Faraday Future, a hopeful electric automaker that made a big and controversial splash at this year’s CES and has since had trouble securing financing for its Nevada manufacturing facility, will break ground on the factory three months after the end of January it initially promised.
Faraday Future has struggled to get its feet planted firmly on the ground following its January introduction at CES. Issues in the Chinese Stock Exchange caused worries over the company’s Chinese financiers coming through, delaying work on its proposed billion dollar North Las Vegas Nevada factory; also, a former executive revealed production setbacks following the departure of the company’s lead engineer.
But now, three months after the target date, Faraday Future will break ground this Wednesday in Nevada on a 900 acre manufacturing facility.
According to Business Insider, the automaker secured its financing earlier this month and started buying up the land for its new company site. From their story:
As of April, Faraday Future says it finalized nearly all of its land acquisitions at the site, and will proceed with an aggressive construction timeline. “We’re moving as fast as we can,” Faraday spokesperson Stacy Morris told Business Insider. “Normally, a project of this size would take approximately four years, and we’re trying to cut it down to half the time while still doing it right.”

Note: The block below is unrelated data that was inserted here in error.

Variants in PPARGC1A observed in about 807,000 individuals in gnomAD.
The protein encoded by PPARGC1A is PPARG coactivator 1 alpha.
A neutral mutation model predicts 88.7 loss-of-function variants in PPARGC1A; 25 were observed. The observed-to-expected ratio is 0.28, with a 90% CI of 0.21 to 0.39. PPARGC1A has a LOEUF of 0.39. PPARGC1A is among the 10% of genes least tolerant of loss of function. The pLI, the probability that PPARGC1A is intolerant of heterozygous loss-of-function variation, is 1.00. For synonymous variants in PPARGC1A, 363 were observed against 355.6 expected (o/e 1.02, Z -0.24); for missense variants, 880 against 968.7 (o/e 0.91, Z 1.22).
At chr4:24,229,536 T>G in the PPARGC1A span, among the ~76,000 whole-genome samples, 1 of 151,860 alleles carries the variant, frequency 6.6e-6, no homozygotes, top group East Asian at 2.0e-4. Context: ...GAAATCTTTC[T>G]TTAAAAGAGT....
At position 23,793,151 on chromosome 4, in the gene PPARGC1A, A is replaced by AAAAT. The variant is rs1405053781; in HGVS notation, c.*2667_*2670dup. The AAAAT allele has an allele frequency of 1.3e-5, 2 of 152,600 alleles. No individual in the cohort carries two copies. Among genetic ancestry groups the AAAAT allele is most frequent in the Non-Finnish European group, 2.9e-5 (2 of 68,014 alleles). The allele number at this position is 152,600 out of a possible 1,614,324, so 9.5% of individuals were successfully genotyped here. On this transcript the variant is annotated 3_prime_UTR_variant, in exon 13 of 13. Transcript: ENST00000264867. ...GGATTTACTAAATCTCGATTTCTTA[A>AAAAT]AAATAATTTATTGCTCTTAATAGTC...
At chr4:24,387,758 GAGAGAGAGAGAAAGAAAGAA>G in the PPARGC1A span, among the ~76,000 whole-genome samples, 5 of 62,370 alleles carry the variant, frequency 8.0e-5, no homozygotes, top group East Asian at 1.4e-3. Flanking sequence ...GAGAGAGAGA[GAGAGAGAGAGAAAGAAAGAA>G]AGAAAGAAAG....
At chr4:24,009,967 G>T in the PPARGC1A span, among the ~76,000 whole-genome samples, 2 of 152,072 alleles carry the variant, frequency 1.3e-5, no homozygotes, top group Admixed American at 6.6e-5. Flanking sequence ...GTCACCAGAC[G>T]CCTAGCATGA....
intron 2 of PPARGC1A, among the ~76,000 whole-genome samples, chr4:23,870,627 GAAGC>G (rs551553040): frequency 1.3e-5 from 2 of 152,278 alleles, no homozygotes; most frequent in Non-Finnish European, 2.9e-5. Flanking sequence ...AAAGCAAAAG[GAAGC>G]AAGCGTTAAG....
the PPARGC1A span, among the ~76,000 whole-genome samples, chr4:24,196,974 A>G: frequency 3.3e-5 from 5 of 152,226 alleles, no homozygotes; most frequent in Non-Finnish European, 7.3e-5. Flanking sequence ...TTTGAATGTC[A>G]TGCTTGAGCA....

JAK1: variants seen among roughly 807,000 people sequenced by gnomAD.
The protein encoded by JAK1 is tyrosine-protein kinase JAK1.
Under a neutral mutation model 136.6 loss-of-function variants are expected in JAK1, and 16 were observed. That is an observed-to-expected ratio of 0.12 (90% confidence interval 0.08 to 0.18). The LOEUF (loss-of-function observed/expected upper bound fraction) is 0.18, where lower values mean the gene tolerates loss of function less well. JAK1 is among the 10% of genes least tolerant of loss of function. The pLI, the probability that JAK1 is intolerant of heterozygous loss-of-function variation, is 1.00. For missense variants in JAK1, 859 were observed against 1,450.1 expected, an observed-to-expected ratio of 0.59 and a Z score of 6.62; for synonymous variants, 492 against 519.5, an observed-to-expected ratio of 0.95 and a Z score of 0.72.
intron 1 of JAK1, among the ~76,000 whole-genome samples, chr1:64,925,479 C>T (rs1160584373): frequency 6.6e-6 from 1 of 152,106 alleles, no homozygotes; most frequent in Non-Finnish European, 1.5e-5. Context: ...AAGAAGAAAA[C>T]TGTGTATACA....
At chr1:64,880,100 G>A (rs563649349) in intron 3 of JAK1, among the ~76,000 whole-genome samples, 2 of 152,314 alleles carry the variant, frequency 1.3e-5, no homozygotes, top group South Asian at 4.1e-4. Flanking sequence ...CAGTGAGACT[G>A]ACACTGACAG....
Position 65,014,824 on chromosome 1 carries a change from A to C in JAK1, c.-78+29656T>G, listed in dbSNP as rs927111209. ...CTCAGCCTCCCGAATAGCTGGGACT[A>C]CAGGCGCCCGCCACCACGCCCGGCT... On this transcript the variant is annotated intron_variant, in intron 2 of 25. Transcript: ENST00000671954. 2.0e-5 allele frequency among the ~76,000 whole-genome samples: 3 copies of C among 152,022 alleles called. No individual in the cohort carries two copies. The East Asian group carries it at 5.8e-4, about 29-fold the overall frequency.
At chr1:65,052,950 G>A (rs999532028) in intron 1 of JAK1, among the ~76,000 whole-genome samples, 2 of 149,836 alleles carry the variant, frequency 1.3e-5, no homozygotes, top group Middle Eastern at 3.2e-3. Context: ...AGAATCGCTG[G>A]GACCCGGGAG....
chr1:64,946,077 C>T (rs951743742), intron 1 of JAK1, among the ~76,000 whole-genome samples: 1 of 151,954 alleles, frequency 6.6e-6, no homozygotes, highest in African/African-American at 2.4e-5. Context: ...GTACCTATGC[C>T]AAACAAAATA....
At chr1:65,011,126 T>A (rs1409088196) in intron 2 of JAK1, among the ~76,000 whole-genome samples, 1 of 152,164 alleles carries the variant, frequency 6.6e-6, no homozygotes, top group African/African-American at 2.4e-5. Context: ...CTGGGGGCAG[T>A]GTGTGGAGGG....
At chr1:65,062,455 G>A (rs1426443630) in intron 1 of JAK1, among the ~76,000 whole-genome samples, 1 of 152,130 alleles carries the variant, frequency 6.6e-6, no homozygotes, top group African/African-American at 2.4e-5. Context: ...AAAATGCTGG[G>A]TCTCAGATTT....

“Being Fast” was one of the four hallmarks the company presented when it revealed itself to the world in January.
So far Faraday Future has presented a stage car in the form of the FFZERO1 concept along with demos and teasers of its supposed bread and butter: a modular platform, crossover-shaped vehicle that will likely be marketed as a ride-sharing car with a possibility for semi or full autonomy down the road.
Faraday also now has ties with Chinese automakers as well as Aston Martin, who plans to work with the company’s technology on a new Aston Martin RapidE electric sports sedan. Faraday also managed to snag its first patent, which was for a power inverter for its modular electric vehicle platform, and was a sponsor for the last Formula E race.
Hopefully this upward trend of Faraday accomplishing its plans continues and we get to see its real car soon. Until then, I’ll be curious if they actually keep the double “F” shape of the manufacturing facility previewed in the renderings.